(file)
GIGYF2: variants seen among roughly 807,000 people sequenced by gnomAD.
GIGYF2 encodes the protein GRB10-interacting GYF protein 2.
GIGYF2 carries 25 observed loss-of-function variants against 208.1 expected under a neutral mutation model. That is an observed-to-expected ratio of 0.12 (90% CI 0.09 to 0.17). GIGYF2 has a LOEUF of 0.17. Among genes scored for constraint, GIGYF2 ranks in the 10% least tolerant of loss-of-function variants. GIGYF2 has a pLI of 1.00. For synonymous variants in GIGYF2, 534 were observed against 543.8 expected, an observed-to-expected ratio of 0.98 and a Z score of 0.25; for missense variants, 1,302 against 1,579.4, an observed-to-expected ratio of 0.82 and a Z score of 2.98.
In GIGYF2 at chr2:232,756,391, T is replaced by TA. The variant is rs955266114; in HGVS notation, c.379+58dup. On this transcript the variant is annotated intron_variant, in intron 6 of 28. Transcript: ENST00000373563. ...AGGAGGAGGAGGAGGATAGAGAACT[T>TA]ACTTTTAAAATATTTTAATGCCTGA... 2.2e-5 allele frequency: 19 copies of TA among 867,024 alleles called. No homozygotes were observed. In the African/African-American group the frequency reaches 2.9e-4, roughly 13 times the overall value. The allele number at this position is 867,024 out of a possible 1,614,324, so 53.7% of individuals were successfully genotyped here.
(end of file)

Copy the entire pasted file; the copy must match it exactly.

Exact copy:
GIGYF2: variants seen among roughly 807,000 people sequenced by gnomAD.
GIGYF2 encodes the protein GRB10-interacting GYF protein 2.
GIGYF2 carries 25 observed loss-of-function variants against 208.1 expected under a neutral mutation model. That is an observed-to-expected ratio of 0.12 (90% CI 0.09 to 0.17). GIGYF2 has a LOEUF of 0.17. Among genes scored for constraint, GIGYF2 ranks in the 10% least tolerant of loss-of-function variants. GIGYF2 has a pLI of 1.00. For synonymous variants in GIGYF2, 534 were observed against 543.8 expected, an observed-to-expected ratio of 0.98 and a Z score of 0.25; for missense variants, 1,302 against 1,579.4, an observed-to-expected ratio of 0.82 and a Z score of 2.98.
In GIGYF2 at chr2:232,756,391, T is replaced by TA. The variant is rs955266114; in HGVS notation, c.379+58dup. On this transcript the variant is annotated intron_variant, in intron 6 of 28. Transcript: ENST00000373563. ...AGGAGGAGGAGGAGGATAGAGAACT[T>TA]ACTTTTAAAATATTTTAATGCCTGA... 2.2e-5 allele frequency: 19 copies of TA among 867,024 alleles called. No homozygotes were observed. In the African/African-American group the frequency reaches 2.9e-4, roughly 13 times the overall value. The allele number at this position is 867,024 out of a possible 1,614,324, so 53.7% of individuals were successfully genotyped here.